“The Tsai administration has gotten much more serious about how Taiwan can best defend itself against China,” Scobell said. “They’re grappling with, ‘How do we stop China from landing on Taiwan?’ But if they end up getting there, thinking of how Taiwan can resist.”
That’s not to say that cross-strait dialogue is out of the question under Lai, Sacks said.
“It’s certainly not like he doesn’t want dialogue with Beijing, he said that the door is open and he’s willing to talk on an equal footing.” However, “I don’t think it’s unfair to say that his top priority is really strengthening ties to the United States, Japan, and other democracies. And cross-strait communication is something that’s nice to have, but not something that you must have.”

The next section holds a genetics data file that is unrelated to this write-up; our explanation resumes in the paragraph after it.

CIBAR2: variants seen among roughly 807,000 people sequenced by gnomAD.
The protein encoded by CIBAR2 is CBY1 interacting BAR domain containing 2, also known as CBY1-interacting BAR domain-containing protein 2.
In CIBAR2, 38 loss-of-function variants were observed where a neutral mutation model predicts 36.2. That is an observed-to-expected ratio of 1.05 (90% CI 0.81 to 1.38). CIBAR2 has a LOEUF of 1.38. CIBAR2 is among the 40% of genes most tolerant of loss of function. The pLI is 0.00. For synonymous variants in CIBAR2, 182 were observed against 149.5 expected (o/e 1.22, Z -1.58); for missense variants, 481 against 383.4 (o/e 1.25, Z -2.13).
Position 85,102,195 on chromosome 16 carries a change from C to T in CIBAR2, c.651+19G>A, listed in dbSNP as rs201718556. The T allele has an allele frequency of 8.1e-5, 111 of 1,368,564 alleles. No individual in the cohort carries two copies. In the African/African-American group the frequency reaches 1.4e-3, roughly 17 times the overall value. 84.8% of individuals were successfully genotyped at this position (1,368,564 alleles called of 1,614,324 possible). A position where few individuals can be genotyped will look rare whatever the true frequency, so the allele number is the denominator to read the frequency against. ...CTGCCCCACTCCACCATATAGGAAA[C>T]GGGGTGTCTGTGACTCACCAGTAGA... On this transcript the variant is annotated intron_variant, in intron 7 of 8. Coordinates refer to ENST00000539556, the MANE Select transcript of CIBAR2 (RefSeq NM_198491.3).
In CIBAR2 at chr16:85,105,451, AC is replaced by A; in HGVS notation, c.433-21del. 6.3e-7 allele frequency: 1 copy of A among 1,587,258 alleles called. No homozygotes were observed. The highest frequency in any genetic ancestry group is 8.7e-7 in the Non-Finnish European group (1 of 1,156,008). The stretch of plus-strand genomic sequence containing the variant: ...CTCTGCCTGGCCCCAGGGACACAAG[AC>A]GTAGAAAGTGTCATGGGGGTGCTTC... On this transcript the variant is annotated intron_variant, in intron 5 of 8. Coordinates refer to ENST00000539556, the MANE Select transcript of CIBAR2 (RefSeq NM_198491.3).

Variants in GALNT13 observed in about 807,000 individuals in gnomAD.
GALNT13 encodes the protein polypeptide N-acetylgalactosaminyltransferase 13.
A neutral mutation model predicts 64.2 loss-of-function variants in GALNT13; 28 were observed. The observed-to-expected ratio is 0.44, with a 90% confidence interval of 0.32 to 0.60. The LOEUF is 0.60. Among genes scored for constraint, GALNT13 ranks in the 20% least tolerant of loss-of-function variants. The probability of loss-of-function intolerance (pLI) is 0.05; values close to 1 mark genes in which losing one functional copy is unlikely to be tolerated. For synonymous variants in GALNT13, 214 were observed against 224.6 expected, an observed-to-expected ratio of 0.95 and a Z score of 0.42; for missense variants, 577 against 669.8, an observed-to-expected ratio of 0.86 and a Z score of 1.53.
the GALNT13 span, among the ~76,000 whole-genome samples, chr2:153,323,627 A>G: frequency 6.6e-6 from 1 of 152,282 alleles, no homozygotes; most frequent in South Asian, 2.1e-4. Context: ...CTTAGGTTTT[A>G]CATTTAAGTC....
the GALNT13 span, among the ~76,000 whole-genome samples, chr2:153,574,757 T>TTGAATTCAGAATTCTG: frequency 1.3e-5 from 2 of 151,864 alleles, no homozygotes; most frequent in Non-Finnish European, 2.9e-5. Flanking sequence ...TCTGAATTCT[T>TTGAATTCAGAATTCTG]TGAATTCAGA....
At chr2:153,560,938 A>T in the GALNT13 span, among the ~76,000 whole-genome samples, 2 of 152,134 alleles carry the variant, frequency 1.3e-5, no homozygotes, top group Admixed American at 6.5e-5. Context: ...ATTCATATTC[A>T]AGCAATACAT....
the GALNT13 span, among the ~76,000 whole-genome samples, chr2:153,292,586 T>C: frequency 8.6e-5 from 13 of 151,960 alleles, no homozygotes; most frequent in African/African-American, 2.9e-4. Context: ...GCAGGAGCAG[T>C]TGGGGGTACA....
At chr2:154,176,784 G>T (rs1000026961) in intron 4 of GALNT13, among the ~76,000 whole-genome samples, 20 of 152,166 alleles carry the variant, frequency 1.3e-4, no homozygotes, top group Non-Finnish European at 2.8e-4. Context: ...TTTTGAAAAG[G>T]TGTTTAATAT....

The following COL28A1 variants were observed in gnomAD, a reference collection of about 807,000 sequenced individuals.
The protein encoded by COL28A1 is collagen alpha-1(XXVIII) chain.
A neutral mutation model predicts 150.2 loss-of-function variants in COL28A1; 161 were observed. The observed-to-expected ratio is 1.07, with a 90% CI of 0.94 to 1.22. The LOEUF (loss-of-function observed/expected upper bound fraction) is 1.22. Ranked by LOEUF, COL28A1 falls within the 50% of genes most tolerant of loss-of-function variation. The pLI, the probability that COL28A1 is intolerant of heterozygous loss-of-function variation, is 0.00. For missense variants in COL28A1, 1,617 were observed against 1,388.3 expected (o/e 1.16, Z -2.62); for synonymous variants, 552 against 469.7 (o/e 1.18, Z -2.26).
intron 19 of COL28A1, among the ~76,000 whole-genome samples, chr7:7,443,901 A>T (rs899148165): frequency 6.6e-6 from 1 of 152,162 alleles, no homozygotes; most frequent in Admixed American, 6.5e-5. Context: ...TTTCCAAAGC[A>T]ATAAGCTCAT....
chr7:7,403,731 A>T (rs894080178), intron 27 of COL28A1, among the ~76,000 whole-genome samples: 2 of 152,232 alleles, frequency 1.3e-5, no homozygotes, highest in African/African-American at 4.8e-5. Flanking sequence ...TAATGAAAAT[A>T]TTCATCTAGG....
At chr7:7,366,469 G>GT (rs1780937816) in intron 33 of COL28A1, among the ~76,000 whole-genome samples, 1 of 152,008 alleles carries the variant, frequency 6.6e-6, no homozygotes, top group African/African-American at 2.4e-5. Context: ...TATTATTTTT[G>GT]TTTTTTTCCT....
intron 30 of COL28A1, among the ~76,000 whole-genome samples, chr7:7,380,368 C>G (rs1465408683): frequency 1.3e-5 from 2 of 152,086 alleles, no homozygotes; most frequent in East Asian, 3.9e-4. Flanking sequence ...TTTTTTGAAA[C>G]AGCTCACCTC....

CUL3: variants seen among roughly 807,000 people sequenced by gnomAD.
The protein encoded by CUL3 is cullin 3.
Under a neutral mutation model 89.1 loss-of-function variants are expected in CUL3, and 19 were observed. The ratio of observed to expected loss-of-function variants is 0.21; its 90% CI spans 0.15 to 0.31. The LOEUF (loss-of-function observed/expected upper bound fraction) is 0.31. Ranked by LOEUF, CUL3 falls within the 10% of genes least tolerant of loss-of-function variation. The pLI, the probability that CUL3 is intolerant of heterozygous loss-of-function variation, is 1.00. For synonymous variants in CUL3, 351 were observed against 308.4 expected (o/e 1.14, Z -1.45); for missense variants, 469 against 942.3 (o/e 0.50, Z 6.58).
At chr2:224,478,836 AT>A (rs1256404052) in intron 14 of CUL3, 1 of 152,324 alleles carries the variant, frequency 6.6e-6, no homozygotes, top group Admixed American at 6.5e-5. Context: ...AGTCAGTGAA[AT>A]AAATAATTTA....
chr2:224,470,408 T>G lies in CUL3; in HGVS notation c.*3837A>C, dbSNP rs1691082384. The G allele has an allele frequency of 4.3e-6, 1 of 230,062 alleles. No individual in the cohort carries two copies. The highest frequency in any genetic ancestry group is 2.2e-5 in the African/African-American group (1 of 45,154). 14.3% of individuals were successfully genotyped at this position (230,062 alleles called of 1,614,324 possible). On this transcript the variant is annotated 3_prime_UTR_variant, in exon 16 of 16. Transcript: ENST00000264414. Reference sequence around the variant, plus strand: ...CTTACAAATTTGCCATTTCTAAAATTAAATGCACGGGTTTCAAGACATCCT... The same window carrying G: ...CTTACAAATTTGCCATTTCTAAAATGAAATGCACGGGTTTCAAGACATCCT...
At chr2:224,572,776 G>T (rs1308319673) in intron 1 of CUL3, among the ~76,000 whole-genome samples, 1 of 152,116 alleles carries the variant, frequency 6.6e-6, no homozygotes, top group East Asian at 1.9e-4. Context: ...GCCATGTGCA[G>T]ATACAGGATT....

Though foreign policy is important, it’s not the only issue voters care about
The economy and cost of living are also important to Taiwanese voters, though perhaps less so than the existential threat of war or takeover by China.
Taiwan is dealing with a serious real estate crunch, as Margaret Lewis, a law professor at Seton Hall who focuses on human rights in China and Taiwan, told Wednesday’s panel. “Younger voters [are] more concerned about things like the price of housing,” Lewis said. “It’s very expensive to buy housing. So there’s talk about sort of preferential loans to first-time homebuyers, especially under a certain age.”
Lai has pledged to increase the number of affordable housing units under the plan outlined by Tsai, as well as building new housing units and encouraging further participation in a government-sponsored subsidy program for landlords, according to Focus Taiwan.